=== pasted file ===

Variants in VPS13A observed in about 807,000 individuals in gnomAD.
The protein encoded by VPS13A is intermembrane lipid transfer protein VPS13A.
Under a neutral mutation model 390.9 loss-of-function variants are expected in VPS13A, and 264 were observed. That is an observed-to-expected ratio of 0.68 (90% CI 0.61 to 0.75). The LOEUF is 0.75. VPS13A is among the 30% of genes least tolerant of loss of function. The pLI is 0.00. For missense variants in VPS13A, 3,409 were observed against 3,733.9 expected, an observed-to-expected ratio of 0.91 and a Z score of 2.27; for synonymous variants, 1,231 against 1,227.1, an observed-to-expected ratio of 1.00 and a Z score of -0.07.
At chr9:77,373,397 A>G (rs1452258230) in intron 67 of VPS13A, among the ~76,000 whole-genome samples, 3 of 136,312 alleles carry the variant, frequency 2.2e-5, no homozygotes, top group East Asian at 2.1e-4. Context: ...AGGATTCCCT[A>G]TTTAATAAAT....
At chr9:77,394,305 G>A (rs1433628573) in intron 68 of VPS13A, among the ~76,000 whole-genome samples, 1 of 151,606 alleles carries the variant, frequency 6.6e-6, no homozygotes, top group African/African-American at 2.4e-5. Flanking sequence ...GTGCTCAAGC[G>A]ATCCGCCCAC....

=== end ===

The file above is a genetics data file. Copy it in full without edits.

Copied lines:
Variants in VPS13A observed in about 807,000 individuals in gnomAD.
The protein encoded by VPS13A is intermembrane lipid transfer protein VPS13A.
Under a neutral mutation model 390.9 loss-of-function variants are expected in VPS13A, and 264 were observed. That is an observed-to-expected ratio of 0.68 (90% CI 0.61 to 0.75). The LOEUF is 0.75. VPS13A is among the 30% of genes least tolerant of loss of function. The pLI is 0.00. For missense variants in VPS13A, 3,409 were observed against 3,733.9 expected, an observed-to-expected ratio of 0.91 and a Z score of 2.27; for synonymous variants, 1,231 against 1,227.1, an observed-to-expected ratio of 1.00 and a Z score of -0.07.
At chr9:77,373,397 A>G (rs1452258230) in intron 67 of VPS13A, among the ~76,000 whole-genome samples, 3 of 136,312 alleles carry the variant, frequency 2.2e-5, no homozygotes, top group East Asian at 2.1e-4. Context: ...AGGATTCCCT[A>G]TTTAATAAAT....
At chr9:77,394,305 G>A (rs1433628573) in intron 68 of VPS13A, among the ~76,000 whole-genome samples, 1 of 151,606 alleles carries the variant, frequency 6.6e-6, no homozygotes, top group African/African-American at 2.4e-5. Flanking sequence ...GTGCTCAAGC[G>A]ATCCGCCCAC....